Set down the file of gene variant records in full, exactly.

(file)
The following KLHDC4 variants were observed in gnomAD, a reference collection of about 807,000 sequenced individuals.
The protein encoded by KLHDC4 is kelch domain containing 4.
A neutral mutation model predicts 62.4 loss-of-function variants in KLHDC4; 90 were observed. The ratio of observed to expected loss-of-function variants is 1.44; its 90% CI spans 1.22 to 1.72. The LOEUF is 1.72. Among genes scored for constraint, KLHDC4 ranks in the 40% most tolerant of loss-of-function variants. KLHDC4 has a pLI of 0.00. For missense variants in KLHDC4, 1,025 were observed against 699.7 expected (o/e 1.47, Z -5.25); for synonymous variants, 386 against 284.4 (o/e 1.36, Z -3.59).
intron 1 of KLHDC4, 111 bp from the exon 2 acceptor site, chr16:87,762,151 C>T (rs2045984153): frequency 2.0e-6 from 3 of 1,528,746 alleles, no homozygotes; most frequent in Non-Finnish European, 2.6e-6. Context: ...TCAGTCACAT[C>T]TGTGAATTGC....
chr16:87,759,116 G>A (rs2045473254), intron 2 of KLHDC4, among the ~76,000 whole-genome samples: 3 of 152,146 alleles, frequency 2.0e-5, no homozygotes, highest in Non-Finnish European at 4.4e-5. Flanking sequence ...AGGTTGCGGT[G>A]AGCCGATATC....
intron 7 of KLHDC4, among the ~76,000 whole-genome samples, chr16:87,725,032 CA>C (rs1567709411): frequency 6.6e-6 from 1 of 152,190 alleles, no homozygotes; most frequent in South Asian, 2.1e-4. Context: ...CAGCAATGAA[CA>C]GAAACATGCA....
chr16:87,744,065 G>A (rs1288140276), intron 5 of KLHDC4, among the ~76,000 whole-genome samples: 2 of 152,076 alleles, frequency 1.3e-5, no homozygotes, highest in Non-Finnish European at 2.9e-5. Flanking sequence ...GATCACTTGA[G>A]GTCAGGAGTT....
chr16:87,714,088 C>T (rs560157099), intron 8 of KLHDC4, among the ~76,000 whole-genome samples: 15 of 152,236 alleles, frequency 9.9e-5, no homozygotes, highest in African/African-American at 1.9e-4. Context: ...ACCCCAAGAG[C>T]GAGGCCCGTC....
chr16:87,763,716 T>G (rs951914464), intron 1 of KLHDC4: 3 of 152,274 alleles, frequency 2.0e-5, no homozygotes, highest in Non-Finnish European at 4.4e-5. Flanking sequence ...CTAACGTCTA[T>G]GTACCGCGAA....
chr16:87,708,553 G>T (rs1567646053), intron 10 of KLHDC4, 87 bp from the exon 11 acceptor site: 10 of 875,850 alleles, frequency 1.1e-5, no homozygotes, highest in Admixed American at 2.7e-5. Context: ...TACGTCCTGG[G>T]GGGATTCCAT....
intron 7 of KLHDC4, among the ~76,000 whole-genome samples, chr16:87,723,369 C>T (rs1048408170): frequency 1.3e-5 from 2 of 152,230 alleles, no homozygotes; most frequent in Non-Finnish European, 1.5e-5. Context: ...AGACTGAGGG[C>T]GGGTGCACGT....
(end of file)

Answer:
The following KLHDC4 variants were observed in gnomAD, a reference collection of about 807,000 sequenced individuals.
The protein encoded by KLHDC4 is kelch domain containing 4.
A neutral mutation model predicts 62.4 loss-of-function variants in KLHDC4; 90 were observed. The ratio of observed to expected loss-of-function variants is 1.44; its 90% CI spans 1.22 to 1.72. The LOEUF is 1.72. Among genes scored for constraint, KLHDC4 ranks in the 40% most tolerant of loss-of-function variants. KLHDC4 has a pLI of 0.00. For missense variants in KLHDC4, 1,025 were observed against 699.7 expected (o/e 1.47, Z -5.25); for synonymous variants, 386 against 284.4 (o/e 1.36, Z -3.59).
intron 1 of KLHDC4, 111 bp from the exon 2 acceptor site, chr16:87,762,151 C>T (rs2045984153): frequency 2.0e-6 from 3 of 1,528,746 alleles, no homozygotes; most frequent in Non-Finnish European, 2.6e-6. Context: ...TCAGTCACAT[C>T]TGTGAATTGC....
chr16:87,759,116 G>A (rs2045473254), intron 2 of KLHDC4, among the ~76,000 whole-genome samples: 3 of 152,146 alleles, frequency 2.0e-5, no homozygotes, highest in Non-Finnish European at 4.4e-5. Flanking sequence ...AGGTTGCGGT[G>A]AGCCGATATC....
intron 7 of KLHDC4, among the ~76,000 whole-genome samples, chr16:87,725,032 CA>C (rs1567709411): frequency 6.6e-6 from 1 of 152,190 alleles, no homozygotes; most frequent in South Asian, 2.1e-4. Context: ...CAGCAATGAA[CA>C]GAAACATGCA....
chr16:87,744,065 G>A (rs1288140276), intron 5 of KLHDC4, among the ~76,000 whole-genome samples: 2 of 152,076 alleles, frequency 1.3e-5, no homozygotes, highest in Non-Finnish European at 2.9e-5. Flanking sequence ...GATCACTTGA[G>A]GTCAGGAGTT....
chr16:87,714,088 C>T (rs560157099), intron 8 of KLHDC4, among the ~76,000 whole-genome samples: 15 of 152,236 alleles, frequency 9.9e-5, no homozygotes, highest in African/African-American at 1.9e-4. Context: ...ACCCCAAGAG[C>T]GAGGCCCGTC....
chr16:87,763,716 T>G (rs951914464), intron 1 of KLHDC4: 3 of 152,274 alleles, frequency 2.0e-5, no homozygotes, highest in Non-Finnish European at 4.4e-5. Flanking sequence ...CTAACGTCTA[T>G]GTACCGCGAA....
chr16:87,708,553 G>T (rs1567646053), intron 10 of KLHDC4, 87 bp from the exon 11 acceptor site: 10 of 875,850 alleles, frequency 1.1e-5, no homozygotes, highest in Admixed American at 2.7e-5. Context: ...TACGTCCTGG[G>T]GGGATTCCAT....
intron 7 of KLHDC4, among the ~76,000 whole-genome samples, chr16:87,723,369 C>T (rs1048408170): frequency 1.3e-5 from 2 of 152,230 alleles, no homozygotes; most frequent in Non-Finnish European, 1.5e-5. Context: ...AGACTGAGGG[C>T]GGGTGCACGT....